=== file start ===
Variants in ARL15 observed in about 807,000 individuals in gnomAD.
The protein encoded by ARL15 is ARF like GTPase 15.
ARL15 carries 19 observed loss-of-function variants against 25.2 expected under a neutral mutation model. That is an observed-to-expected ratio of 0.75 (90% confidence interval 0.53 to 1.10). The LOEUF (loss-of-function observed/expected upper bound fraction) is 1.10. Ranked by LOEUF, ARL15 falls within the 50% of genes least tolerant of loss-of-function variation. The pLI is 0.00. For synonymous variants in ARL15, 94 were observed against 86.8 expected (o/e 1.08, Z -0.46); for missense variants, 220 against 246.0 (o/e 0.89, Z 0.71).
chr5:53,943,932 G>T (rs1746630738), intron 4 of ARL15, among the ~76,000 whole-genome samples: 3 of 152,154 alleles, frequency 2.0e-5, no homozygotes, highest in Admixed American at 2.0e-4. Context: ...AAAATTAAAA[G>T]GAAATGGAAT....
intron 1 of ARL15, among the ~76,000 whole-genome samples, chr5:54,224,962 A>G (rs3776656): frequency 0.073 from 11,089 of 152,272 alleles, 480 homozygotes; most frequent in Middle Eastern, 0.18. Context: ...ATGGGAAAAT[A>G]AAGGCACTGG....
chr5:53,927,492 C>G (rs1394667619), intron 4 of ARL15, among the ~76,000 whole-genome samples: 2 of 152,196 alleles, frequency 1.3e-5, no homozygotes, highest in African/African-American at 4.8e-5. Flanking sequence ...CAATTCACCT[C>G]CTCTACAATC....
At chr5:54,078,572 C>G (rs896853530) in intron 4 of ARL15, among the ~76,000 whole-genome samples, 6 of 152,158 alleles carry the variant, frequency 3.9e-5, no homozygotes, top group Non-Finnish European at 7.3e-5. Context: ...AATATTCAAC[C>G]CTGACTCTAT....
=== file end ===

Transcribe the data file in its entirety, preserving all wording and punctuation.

Variants in ARL15 observed in about 807,000 individuals in gnomAD.
The protein encoded by ARL15 is ARF like GTPase 15.
ARL15 carries 19 observed loss-of-function variants against 25.2 expected under a neutral mutation model. That is an observed-to-expected ratio of 0.75 (90% confidence interval 0.53 to 1.10). The LOEUF (loss-of-function observed/expected upper bound fraction) is 1.10. Ranked by LOEUF, ARL15 falls within the 50% of genes least tolerant of loss-of-function variation. The pLI is 0.00. For synonymous variants in ARL15, 94 were observed against 86.8 expected (o/e 1.08, Z -0.46); for missense variants, 220 against 246.0 (o/e 0.89, Z 0.71).
chr5:53,943,932 G>T (rs1746630738), intron 4 of ARL15, among the ~76,000 whole-genome samples: 3 of 152,154 alleles, frequency 2.0e-5, no homozygotes, highest in Admixed American at 2.0e-4. Context: ...AAAATTAAAA[G>T]GAAATGGAAT....
intron 1 of ARL15, among the ~76,000 whole-genome samples, chr5:54,224,962 A>G (rs3776656): frequency 0.073 from 11,089 of 152,272 alleles, 480 homozygotes; most frequent in Middle Eastern, 0.18. Context: ...ATGGGAAAAT[A>G]AAGGCACTGG....
chr5:53,927,492 C>G (rs1394667619), intron 4 of ARL15, among the ~76,000 whole-genome samples: 2 of 152,196 alleles, frequency 1.3e-5, no homozygotes, highest in African/African-American at 4.8e-5. Flanking sequence ...CAATTCACCT[C>G]CTCTACAATC....
At chr5:54,078,572 C>G (rs896853530) in intron 4 of ARL15, among the ~76,000 whole-genome samples, 6 of 152,158 alleles carry the variant, frequency 3.9e-5, no homozygotes, top group Non-Finnish European at 7.3e-5. Context: ...AATATTCAAC[C>G]CTGACTCTAT....